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Long-term pulmonary sequelae in children who were treated with extracorporeal membrane oxygenation for neonatal respiratory failure.
Pediatrics. 2004 Nov; 114(5):1292-6.Ped

Abstract

OBJECTIVE

Extracorporeal membrane oxygenation (ECMO) is a life-saving therapy for neonates with intractable respiratory failure, but the long-term pulmonary outcome is unknown. Our aim was to investigate the long-term pulmonary sequelae of these children.

STUDY DESIGN

We studied 50 children at 11.1 +/- 1.1 years (mean +/- SD) who had been treated with neonatal ECMO for meconium aspiration syndrome (38%), sepsis (18%), sepsis with pneumonia (12%), congenital diaphragmatic hernia (12%), congenital heart disease (8%), persistent pulmonary hypertension of the newborn (6%), and respiratory distress syndrome (4%) and 27 healthy controls (10.8 +/- 1.6 years). All subjects completed a respiratory questionnaire and performed pulmonary function and graded cardiopulmonary exercise testing.

RESULTS

Neonatal ECMO survivors had hyperinflation (median residual volume: 131%), airway obstruction (median forced expired volume in 1 second: 79%), lower oxygen saturation with exercise, and lower peak oxygen consumption than controls. The ECMO group achieved similar exercise minute ventilation to controls, with more rapid and shallow breathing. ECMO survivors had an increased frequency of exercise-induced bronchospasm. Those who required higher inspired oxygen tension and ventilator pressures after weaning from ECMO had lower forced expired volume in 1 second and oxygen saturation values.

CONCLUSION

Neonatal ECMO survivors experience lung injury lasting into later childhood. Lung dysfunction correlates with the extent and duration of barotrauma and oxygen exposure as neonates.

Authors+Show Affiliations

Division of Pediatric Pulmonology, Childrens Hospital Los Angeles, University of Southern California Keck School of Medicine, Los Angeles, CA 90027, USA.No affiliation info availableNo affiliation info availableNo affiliation info availableNo affiliation info available

Pub Type(s)

Journal Article
Research Support, Non-U.S. Gov't
Research Support, U.S. Gov't, P.H.S.

Language

eng

PubMed ID

15520110

Citation

Hamutcu, Refika, et al. "Long-term Pulmonary Sequelae in Children Who Were Treated With Extracorporeal Membrane Oxygenation for Neonatal Respiratory Failure." Pediatrics, vol. 114, no. 5, 2004, pp. 1292-6.
Hamutcu R, Nield TA, Garg M, et al. Long-term pulmonary sequelae in children who were treated with extracorporeal membrane oxygenation for neonatal respiratory failure. Pediatrics. 2004;114(5):1292-6.
Hamutcu, R., Nield, T. A., Garg, M., Keens, T. G., & Platzker, A. C. (2004). Long-term pulmonary sequelae in children who were treated with extracorporeal membrane oxygenation for neonatal respiratory failure. Pediatrics, 114(5), 1292-6.
Hamutcu R, et al. Long-term Pulmonary Sequelae in Children Who Were Treated With Extracorporeal Membrane Oxygenation for Neonatal Respiratory Failure. Pediatrics. 2004;114(5):1292-6. PubMed PMID: 15520110.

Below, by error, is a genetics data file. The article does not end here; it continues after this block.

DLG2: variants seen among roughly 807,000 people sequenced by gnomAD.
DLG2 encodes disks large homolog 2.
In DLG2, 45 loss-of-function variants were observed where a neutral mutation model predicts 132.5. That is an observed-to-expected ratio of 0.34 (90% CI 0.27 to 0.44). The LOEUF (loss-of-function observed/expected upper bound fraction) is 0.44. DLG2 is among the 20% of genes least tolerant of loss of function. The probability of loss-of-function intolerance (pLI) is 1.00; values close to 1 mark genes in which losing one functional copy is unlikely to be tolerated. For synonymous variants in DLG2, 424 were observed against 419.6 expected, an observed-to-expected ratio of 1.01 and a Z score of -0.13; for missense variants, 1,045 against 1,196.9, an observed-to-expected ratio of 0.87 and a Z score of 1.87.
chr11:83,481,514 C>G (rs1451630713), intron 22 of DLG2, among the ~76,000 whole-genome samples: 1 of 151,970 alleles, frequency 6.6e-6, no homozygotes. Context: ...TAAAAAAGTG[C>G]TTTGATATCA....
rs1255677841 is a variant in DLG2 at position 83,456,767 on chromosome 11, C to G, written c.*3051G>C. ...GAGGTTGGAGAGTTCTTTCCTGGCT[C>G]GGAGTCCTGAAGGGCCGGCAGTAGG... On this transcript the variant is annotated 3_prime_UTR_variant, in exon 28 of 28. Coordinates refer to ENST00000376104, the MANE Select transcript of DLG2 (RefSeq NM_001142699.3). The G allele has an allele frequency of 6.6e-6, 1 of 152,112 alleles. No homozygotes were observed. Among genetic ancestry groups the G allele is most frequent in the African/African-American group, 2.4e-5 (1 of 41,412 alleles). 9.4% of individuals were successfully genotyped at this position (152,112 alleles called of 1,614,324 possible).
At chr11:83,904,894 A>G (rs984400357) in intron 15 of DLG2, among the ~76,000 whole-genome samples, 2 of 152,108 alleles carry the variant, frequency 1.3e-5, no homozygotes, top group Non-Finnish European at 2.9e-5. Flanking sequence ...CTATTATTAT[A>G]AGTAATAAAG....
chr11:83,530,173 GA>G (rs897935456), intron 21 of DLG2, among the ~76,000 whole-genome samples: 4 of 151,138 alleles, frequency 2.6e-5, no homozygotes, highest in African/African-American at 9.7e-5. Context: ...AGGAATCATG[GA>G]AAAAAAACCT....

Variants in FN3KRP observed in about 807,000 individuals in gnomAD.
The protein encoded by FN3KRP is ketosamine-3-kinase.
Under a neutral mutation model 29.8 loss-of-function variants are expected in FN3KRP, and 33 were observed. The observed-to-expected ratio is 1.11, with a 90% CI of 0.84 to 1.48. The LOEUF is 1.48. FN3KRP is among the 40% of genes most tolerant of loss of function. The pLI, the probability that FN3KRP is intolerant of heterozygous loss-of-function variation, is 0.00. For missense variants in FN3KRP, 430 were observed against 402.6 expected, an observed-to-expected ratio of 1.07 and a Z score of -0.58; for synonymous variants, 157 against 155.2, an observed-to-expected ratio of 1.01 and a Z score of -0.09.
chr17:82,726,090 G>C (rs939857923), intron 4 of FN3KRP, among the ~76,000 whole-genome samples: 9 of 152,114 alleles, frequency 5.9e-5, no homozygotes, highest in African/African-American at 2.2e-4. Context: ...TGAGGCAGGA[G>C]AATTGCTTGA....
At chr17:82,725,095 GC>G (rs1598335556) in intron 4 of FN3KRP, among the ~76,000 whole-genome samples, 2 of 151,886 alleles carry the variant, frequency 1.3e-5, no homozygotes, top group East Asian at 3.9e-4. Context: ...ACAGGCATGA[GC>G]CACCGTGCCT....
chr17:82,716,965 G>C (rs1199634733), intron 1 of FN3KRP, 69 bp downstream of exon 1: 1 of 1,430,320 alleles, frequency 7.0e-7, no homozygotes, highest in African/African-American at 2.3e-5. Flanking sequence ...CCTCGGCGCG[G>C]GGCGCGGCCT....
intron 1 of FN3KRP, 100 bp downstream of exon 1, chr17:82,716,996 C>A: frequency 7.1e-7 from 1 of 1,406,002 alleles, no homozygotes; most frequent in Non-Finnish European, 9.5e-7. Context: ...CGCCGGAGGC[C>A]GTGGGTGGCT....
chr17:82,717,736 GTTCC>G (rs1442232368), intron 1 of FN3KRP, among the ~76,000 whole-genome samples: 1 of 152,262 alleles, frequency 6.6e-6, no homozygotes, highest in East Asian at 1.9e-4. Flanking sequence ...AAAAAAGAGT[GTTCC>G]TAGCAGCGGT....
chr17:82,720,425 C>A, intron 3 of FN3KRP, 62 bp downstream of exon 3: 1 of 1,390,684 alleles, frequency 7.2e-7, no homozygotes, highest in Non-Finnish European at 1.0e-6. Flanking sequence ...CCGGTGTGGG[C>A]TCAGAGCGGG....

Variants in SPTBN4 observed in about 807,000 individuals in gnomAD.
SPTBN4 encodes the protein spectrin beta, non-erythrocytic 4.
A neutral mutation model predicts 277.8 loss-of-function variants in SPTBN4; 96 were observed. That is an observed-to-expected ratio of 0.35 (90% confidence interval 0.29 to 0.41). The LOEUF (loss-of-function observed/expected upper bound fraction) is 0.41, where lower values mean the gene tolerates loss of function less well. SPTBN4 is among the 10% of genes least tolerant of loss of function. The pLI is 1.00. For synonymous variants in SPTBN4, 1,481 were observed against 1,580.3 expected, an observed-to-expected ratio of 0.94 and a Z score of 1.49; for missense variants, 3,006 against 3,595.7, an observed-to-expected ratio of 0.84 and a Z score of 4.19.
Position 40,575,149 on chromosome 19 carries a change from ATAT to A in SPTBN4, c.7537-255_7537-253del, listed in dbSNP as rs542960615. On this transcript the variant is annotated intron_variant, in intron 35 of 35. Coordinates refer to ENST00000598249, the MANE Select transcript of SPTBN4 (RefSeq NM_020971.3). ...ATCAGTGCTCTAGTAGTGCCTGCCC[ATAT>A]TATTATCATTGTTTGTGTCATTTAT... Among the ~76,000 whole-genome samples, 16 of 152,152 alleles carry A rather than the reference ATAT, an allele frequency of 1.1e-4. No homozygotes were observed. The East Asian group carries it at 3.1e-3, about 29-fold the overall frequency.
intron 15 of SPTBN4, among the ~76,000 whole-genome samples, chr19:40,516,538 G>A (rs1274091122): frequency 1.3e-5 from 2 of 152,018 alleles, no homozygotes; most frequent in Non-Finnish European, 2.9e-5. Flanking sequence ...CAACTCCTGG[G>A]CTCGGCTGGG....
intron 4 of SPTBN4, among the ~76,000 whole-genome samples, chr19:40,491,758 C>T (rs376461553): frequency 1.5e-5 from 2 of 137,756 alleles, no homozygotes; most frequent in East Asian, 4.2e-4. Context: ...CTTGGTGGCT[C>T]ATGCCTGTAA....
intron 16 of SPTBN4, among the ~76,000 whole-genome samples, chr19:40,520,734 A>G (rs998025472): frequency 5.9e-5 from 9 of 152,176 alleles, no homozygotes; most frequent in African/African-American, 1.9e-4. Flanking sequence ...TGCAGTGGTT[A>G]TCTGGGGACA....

* Article titles in AMA citation format should be in sentence-case
TY - JOUR T1 - Long-term pulmonary sequelae in children who were treated with extracorporeal membrane oxygenation for neonatal respiratory failure. AU - Hamutcu,Refika, AU - Nield,Toni A, AU - Garg,Meena, AU - Keens,Thomas G, AU - Platzker,Arnold C G, PY - 2004/11/3/pubmed PY - 2005/3/11/medline PY - 2004/11/3/entrez SP - 1292 EP - 6 JF - Pediatrics JO - Pediatrics VL - 114 IS - 5 N2 - OBJECTIVE: Extracorporeal membrane oxygenation (ECMO) is a life-saving therapy for neonates with intractable respiratory failure, but the long-term pulmonary outcome is unknown. Our aim was to investigate the long-term pulmonary sequelae of these children. STUDY DESIGN: We studied 50 children at 11.1 +/- 1.1 years (mean +/- SD) who had been treated with neonatal ECMO for meconium aspiration syndrome (38%), sepsis (18%), sepsis with pneumonia (12%), congenital diaphragmatic hernia (12%), congenital heart disease (8%), persistent pulmonary hypertension of the newborn (6%), and respiratory distress syndrome (4%) and 27 healthy controls (10.8 +/- 1.6 years). All subjects completed a respiratory questionnaire and performed pulmonary function and graded cardiopulmonary exercise testing. RESULTS: Neonatal ECMO survivors had hyperinflation (median residual volume: 131%), airway obstruction (median forced expired volume in 1 second: 79%), lower oxygen saturation with exercise, and lower peak oxygen consumption than controls. The ECMO group achieved similar exercise minute ventilation to controls, with more rapid and shallow breathing. ECMO survivors had an increased frequency of exercise-induced bronchospasm. Those who required higher inspired oxygen tension and ventilator pressures after weaning from ECMO had lower forced expired volume in 1 second and oxygen saturation values. CONCLUSION: Neonatal ECMO survivors experience lung injury lasting into later childhood. Lung dysfunction correlates with the extent and duration of barotrauma and oxygen exposure as neonates. SN - 1098-4275 UR - https://www.unboundmedicine.com/medline/citation/15520110/Long_term_pulmonary_sequelae_in_children_who_were_treated_with_extracorporeal_membrane_oxygenation_for_neonatal_respiratory_failure_ DB - PRIME DP - Unbound Medicine ER -